After battling the courts, the Trump Administration is now attempting to bypass the judicial system in an attempt at detaining migrant families for longer periods of time than is currently legal.

Since 1997, the Flores Settlement Agreement has safeguarded migrant families from long-term detainment by restricting authorities from holding migrant children for more than 20 days. At this point, the consent decree requires that the children be released, typically with their families, until their cases are settled in immigration court.

The Trump administration is now attempting to pass an order that requires migrant children and families to be detained until their court cases are settled, a process which can take up to several months. According to Secretary of Homeland Security Kirstjen Nielsen, the goal of rule is to address “one of the the primary pull factors for illegal immigration.” This “legal loophole,” argues the administration, is that migrants purposely bring their children to the border to avoid longer periods of detention. Many immigration advocates have since decried the argument as insensitive and deeply troubling.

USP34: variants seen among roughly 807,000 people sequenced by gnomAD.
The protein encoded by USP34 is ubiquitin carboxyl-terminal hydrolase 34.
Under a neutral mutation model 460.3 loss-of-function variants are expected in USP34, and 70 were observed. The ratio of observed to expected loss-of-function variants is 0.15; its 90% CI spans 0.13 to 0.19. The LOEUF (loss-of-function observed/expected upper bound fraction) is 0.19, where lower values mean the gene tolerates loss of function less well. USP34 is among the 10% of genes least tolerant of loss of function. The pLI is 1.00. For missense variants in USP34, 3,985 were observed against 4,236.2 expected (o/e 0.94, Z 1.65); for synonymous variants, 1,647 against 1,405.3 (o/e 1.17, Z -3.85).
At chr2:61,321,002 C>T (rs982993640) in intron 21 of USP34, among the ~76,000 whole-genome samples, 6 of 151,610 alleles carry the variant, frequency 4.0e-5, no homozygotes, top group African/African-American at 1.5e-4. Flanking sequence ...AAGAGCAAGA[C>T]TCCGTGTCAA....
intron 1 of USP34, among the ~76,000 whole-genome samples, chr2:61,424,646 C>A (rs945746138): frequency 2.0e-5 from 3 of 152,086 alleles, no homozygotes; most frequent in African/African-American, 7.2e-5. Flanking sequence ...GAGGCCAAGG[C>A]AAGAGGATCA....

“Efforts to weaken or eliminate basic child protection standards by calling them a burden or loopholes, and eliminating their obligations for the basic care of children, is just another example of the administration’s abdication of human rights,” said Michelle Brané, director of the migrant rights and justice program at the Women’s Refugee Commission.

In order to accommodate the extended holdings of these families, the government has proposed building a greater network of licensed facilities. But it has not yet given details as to the operation of these facilities.

The regulation was proposed last Thursday and is set to take effect 60 days from then, but is expected to be challenged in the courts before that point.